|Dates & Locations:|| |
This subject has the following teaching availabilities in 2008:Semester 2, - Taught on campus.
Timetable can be viewed here. For information about these dates, click here.
|Time Commitment:||Contact Hours: Twenty-four hours of lectures and 24 hours of tutorials and practical work |
Total Time Commitment: Not available
|Prerequisites:||202-103 Biology for Land and Food Resources or 650-141 Biology of Cells and Organisms|
|Recommended Background Knowledge:||None|
|Non Allowed Subjects:||None|
|Core Participation Requirements:||
For the purposes of considering request for Reasonable Adjustments under the Disability Standards for Education (Cwth 2005), and Student Support and Engagement Policy, academic requirements for this subject are articulated in the Subject Overview, Learning Outcomes, Assessment and Generic Skills sections of this entry.
It is University policy to take all reasonable steps to minimise the impact of disability upon academic study, and reasonable adjustments will be made to enhance a student's participation in the University's programs. Students who feel their disability may impact on meeting the requirements of this subject are encouraged to discuss this matter with a Faculty Student Adviser and Student Equity and Disability Support: http://services.unimelb.edu.au/disability
CoordinatorProfessor Paul Hemsworth
|Subject Overview:|| |
Domestic animals, such as farm, companion or laboratory animals, play a prominent and important role in society providing a range of benefits to humans including improvements in human health and welfare. A thorough understanding of animal behaviour is essential in the humane care and efficient management of these domestic animals. This subject describes and examines the behaviour of farm, companion and laboratory animals and highlights our understanding of the causation and function of behaviour.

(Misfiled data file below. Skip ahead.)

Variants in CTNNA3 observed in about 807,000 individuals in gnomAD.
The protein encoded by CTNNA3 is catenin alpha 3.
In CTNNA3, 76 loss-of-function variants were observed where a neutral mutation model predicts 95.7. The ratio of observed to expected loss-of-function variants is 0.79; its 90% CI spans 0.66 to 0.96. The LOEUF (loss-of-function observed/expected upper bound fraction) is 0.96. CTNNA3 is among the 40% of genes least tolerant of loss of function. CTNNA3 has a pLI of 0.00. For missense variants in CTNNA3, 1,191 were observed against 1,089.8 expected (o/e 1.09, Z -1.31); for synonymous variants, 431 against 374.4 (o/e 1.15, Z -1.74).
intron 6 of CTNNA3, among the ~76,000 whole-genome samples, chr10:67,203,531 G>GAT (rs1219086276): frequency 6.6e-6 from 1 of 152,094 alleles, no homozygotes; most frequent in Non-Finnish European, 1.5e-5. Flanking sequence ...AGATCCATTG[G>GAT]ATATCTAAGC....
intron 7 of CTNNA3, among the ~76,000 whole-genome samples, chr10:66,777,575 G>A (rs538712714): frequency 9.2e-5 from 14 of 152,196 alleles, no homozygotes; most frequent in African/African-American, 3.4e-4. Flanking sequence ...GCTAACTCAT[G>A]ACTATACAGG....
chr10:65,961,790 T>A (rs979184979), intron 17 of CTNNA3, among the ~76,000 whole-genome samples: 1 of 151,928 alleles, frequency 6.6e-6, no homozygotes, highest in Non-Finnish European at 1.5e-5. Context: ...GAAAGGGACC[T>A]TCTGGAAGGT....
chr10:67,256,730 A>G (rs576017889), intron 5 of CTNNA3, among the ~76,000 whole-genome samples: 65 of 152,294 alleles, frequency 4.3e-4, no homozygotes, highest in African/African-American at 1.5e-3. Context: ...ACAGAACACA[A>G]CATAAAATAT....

Topics covered include:
The subject provides students with the opportunity to understand the behavioural requirements of domestic animals that are fundamental to their welfare and their ability to efficiently grow and reproduce and remain healthy. Such an understanding is a prerequisite for the efficient and humane management of domestic animals.
|Assessment:||A 3-hour examination, which may include essay and short-answer sections (50%), one written presentation (2000 words, 35%) and one oral presentation (15%).|
|Recommended Texts:|| |
|Breadth Options:||This subject is a level 2 or level 3 subject and is not available to new generation degree students as a breadth option in 2008. |
This subject or an equivalent will be available as breadth in the future.
Breadth subjects are currently being developed and these existing subject details can be used as guide to the type of options that might be available.
2009 subjects to be offered as breadth will be finalised before re-enrolment for 2009 starts in early October.
|Fees Information:||Subject EFTSL, Level, Discipline & Census Date|
|Generic Skills:|| |
Information Not Available
This subject involves the use of animals. Students should be aware that this is an essential part of the course and exemption from this component is not possible.
Bachelor of Animal Science and Management |
Download PDF version.